For higher yield and more nitrogen for the soil, try inoculating them.  Outstanding for crop rotation or in the planting season before introducing an orchard.

Sorry just a quickie, but I kept getting searches for this. In my zone, this is still 3 week away in my notes.

You’re Eating WHAT from the Lawn?! — A Quick Quiz


What are these four food found in my front lawn?

What are these 4 foods found in my front lawn?

Here’s the deal. Name as many as you can and offer at least one use for each.

Serious and silly answers are welcome.

As this will launch a series of adventures, if you have an actual recipe using any of the above as a main ingredient, please e-mail it to kitewrite@gmail.com. That way you can get credit and be a featured recipe in the neighborhood.

Go ahead, guess! I double dog dare you.

(Neighbor Nancy reties her apron and heads out to pick a zillion of “C” for an upcoming recipe.)

Note: 5/8/09 — Oh, I am very entertained!  Get your guesses in.  Answers will be in this Saturday morning edition of “Neighborly Advice.”   Tomorrow’s theme is “Neighborhood Gone Wild”

BTW, forgive the picture, it will not stop raining here.  Lighting is terrible.

Hint — the stem on “B” is square.

Great Depression Recipes: Rhubarb Tapioca


Keep rhubarb pieces petite since tapioca is little, too.

Keep rhubarb pieces petite since tapioca is little, too.

Join me as I head back to the rhubarb patch and we shall make some goodies.

As I have gotten a lot of requests for more of this kind of thing, here is another Great Depression recipe courtesy of the USDA circa the 1930s.

And remember, if this doesn’t suit your taste, check the Cooking/Baking Basics or Waiting-For-Payday Categories at the right for other ideas. Or try the “search” bar above the little calendar.

Rhubarb Tapioca

hm … probably the two most mysterious foods in one recipe, which, of course, means we have to try it.

Ingredients:

4 cups Rhubarb, cut into little pieces

2 cups Water, hot

1/2 cup quick-cooking Tapioca ( Isn’t it all quick cooking these days, 80 years later? Who knows? Check the box.)

1 + 1/2 cups Sugar

1/2 teaspoon Salt

Procedure:

1. In the top of a double boiler, over steam, stir the rhubarb, water and tapioca for about 15 minutes. No double boiler? Click here to make do.

2. Stir in the sugar and salt.

3. Cook for about 5 more minutes, until the tapioca is clear and the rhubarb is tender.

4. Chill thoroughly and serve it plain, with whipped cream or, perhaps garnished with a strawberry slice or two.

More rhubarb  harvest, storage and recipes to come.

Now here is the big question:

I never buy tapioca, but I always seem to have it. Why is that?

Does this happen to anyone else?

Great Depression Recipes: Rhubarb Crunch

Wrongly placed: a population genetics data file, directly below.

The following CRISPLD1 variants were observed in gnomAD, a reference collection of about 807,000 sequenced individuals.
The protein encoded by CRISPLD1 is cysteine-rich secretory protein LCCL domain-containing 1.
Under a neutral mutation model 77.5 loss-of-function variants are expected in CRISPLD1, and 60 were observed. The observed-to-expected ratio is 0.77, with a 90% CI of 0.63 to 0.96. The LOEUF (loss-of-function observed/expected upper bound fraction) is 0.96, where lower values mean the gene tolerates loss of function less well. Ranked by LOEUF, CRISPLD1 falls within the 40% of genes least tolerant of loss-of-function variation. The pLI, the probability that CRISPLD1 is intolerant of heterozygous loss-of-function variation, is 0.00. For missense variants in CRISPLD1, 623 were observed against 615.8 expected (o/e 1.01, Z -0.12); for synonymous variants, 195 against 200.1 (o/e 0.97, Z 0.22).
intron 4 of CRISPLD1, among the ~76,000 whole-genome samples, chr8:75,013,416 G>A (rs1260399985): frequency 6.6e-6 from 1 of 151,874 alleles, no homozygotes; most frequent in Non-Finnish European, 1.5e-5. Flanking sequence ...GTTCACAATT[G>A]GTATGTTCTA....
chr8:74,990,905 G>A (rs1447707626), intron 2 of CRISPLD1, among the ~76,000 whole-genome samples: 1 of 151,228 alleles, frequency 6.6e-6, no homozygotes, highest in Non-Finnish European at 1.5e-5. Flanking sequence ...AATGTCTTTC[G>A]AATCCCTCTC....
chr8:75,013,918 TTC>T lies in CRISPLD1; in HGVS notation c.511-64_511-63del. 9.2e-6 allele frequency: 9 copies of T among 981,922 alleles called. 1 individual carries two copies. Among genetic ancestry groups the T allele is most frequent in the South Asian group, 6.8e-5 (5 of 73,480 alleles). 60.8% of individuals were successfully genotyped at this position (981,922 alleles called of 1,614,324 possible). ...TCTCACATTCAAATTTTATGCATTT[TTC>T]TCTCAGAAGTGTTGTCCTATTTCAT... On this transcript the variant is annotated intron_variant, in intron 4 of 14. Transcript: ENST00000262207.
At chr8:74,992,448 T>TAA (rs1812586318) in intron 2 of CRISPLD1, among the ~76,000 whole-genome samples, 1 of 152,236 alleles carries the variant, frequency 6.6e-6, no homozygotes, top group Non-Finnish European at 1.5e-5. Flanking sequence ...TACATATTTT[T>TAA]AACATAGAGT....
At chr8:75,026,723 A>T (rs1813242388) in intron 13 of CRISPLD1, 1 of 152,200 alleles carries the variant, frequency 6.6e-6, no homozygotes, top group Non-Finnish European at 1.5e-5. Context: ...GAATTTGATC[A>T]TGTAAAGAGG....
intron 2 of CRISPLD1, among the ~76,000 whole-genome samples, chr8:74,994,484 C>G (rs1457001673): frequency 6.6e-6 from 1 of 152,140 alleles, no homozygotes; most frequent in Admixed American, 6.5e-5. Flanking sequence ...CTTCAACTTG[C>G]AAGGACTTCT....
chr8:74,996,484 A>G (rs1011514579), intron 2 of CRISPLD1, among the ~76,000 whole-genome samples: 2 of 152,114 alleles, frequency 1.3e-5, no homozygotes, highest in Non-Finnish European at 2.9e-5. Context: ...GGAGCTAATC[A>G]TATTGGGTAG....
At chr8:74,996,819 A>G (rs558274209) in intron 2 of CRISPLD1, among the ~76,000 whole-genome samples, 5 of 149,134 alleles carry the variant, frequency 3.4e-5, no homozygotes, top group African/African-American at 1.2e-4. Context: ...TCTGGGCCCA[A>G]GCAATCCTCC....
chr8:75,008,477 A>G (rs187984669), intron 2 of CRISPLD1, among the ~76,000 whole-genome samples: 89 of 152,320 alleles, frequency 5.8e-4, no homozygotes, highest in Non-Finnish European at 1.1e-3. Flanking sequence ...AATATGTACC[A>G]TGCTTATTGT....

Freshly tugged from the garden, rhubarb awaits chopping.

Freshly tugged from the garden, rhubarb awaits chopping.

(Neighbor Nancy wipes the tiniest glisten of drool from the corner of her mouth as she shares this recipe. While the aroma of a fresh batch of Rhubarb Crunch fills her little home, she digs in the freezer for vanilla ice cream.)

Ah, rhubarb crunch time. It means that spring is officially here. It means that I must make sure the strawberries are doing well. For all too soon, the last of the rhubarb will be mixed with the first of the strawberries to make batches of Strawberry Rhubarb jam for Christmas presents.

From my earliest childhood memories, Spring covered dish Suppers always required a batch of Rhubarb Crunch.

I have had it covered in cream, drizzled with vanilla sauce. Hot. Cold. Scraped from the final bits of the pan. But, hot out of the oven with a single scoop of homemade vanilla ice cream … (sigh) … heavenly.

So from the depths of the family recipe box…(oh my, is this a crusty well-loved recipe card?! ) … here we go.

Rhubarb Crunch

Ingredients:

Crunch bottom and topping:

1+1/4 cup Flour

1 cup rolled Oats, quick or regular

1+1/4 cup Brown Sugar

10 Tablespoons Butter, melted

Fruit Mixture:

4 heaping cups Rhubarb, diced

1 cup Sugar

2 Tablespoons Cornstarch

1 cup Water

1 teaspoon Vanilla

Procedure:

In a medium bowl, combine flour, oats, brown sugar, and melted butter.

Press about half of this mixture into the bottom of a 9″x 13″pan. Set the rest aside.

Cover with all the diced rhubarb. Set aside

In a small sauce pan, combine the white sugar and cornstarch.

Over medium low heat, stir in the water. Heat and stir, until it boils and becomes clear and smooth.

Remove from heat and stir in the vanilla. Pour the entire mixture over the rhubarb in the pan.

Cover with the remaining oat mixture. This, of course is the “crunch” part.

Bake at 350 degrees Fahrenheit ( a medium oven ) for 1 hour.

Serve it warm or cold.

Top it with cream, vanilla sauce or ice cream.

Warning: Beware of the Rhubarb Crunch phenomenon. Do not tell jokes while eating this dessert, because as you laugh,it will feel like your jaw will blow off. The more you laugh the more it hurts. No one knows why and it happens every time.